7. "Blood Bank" – Is an early track from the infinitely popular band, Bon Iver. If there is any song that 3eb chose to keep most of the original feel for, it’s this one. Bon Iver’s original rendition. While in the alt world, there is nothing obscure about Bon Iver, this track is from an early EP of the band. This Deep Cut shows that 3eb was either attempting to cover more obscure tracks, or, as a band, this is the content they enjoy most. On first listen, the melody and feel seems to draw comparisons to Neil Young’s, My My, Hey Hey (Out of the Blue). This is the same melody used by Bon Iver so perhaps there was some influence there. The track carries pretty evenly throughout but uses mellow vocals with emotional-sounding chord changes to invoke feeling. As the song begins to pick up at the three minute mark, Jenkins continues to belt at or near his register. A heavily muffled guitar melodically adds some fills, bordering on a solo, to move the song through to the end. There is a heavy instrumental section as the song winds down, which would provide some excellent jam opportunities.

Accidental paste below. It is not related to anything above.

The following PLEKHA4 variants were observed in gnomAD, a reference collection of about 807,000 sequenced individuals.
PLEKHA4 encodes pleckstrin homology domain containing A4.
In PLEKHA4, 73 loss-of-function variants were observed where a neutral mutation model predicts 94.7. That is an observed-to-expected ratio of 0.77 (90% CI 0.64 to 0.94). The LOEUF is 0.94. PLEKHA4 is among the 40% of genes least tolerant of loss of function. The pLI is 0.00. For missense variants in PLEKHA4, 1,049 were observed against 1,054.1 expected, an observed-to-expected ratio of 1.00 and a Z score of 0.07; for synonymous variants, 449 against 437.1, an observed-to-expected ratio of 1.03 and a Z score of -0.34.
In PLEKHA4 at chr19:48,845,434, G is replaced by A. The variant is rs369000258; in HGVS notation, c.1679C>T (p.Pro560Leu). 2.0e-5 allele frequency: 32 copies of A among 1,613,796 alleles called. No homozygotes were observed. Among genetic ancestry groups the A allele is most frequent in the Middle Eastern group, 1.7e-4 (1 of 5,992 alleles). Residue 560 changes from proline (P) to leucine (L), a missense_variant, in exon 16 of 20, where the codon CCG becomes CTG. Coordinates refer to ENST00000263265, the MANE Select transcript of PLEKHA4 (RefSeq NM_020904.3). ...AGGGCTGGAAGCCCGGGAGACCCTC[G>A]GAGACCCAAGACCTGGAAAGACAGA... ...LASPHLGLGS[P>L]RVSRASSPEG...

One interesting thing about this review is, had we as 3eb fans not researched the background of the album, we would have accepted this as another teaser EP from the Southern California legends. The music fits well in a catalogue of numerous full-length feature albums and EPs that have continued to keep the band relevant. Honestly, the only thing that could make this album better is if there could have been more songs or if 3eb provided some originals to fill out the album. Seven tracks are not enough to provide the fix the die-hard fans need. With promotion around this record, the band has teased working on another album. This is certainly good news as Jenkins himself has teased the idea that the band may move away from producing full albums due to the cumbersome nature of the work. Giving us an additional EP while considering a new album goes against all of this, but we are not at all upset about it.